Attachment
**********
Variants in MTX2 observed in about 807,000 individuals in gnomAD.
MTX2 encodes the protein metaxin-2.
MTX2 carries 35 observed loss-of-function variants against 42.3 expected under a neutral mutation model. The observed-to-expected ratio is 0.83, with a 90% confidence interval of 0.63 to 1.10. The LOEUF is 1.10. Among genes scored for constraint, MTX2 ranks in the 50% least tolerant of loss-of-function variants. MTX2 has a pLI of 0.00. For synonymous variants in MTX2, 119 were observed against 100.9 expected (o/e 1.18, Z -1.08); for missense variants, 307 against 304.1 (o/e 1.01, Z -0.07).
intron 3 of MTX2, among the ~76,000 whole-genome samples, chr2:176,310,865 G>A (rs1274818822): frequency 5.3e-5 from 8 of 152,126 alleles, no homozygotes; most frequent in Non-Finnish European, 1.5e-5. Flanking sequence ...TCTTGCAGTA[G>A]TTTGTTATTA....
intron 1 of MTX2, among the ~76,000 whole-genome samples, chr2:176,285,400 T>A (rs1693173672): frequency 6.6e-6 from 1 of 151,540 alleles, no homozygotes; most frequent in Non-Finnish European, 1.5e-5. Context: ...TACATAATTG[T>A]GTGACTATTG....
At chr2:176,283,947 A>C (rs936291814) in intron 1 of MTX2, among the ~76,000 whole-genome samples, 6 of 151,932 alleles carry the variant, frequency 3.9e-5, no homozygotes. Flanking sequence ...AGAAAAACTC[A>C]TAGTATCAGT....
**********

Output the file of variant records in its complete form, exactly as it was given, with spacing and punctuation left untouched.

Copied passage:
Variants in MTX2 observed in about 807,000 individuals in gnomAD.
MTX2 encodes the protein metaxin-2.
MTX2 carries 35 observed loss-of-function variants against 42.3 expected under a neutral mutation model. The observed-to-expected ratio is 0.83, with a 90% confidence interval of 0.63 to 1.10. The LOEUF is 1.10. Among genes scored for constraint, MTX2 ranks in the 50% least tolerant of loss-of-function variants. MTX2 has a pLI of 0.00. For synonymous variants in MTX2, 119 were observed against 100.9 expected (o/e 1.18, Z -1.08); for missense variants, 307 against 304.1 (o/e 1.01, Z -0.07).
intron 3 of MTX2, among the ~76,000 whole-genome samples, chr2:176,310,865 G>A (rs1274818822): frequency 5.3e-5 from 8 of 152,126 alleles, no homozygotes; most frequent in Non-Finnish European, 1.5e-5. Flanking sequence ...TCTTGCAGTA[G>A]TTTGTTATTA....
intron 1 of MTX2, among the ~76,000 whole-genome samples, chr2:176,285,400 T>A (rs1693173672): frequency 6.6e-6 from 1 of 151,540 alleles, no homozygotes; most frequent in Non-Finnish European, 1.5e-5. Context: ...TACATAATTG[T>A]GTGACTATTG....
At chr2:176,283,947 A>C (rs936291814) in intron 1 of MTX2, among the ~76,000 whole-genome samples, 6 of 151,932 alleles carry the variant, frequency 3.9e-5, no homozygotes. Flanking sequence ...AGAAAAACTC[A>C]TAGTATCAGT....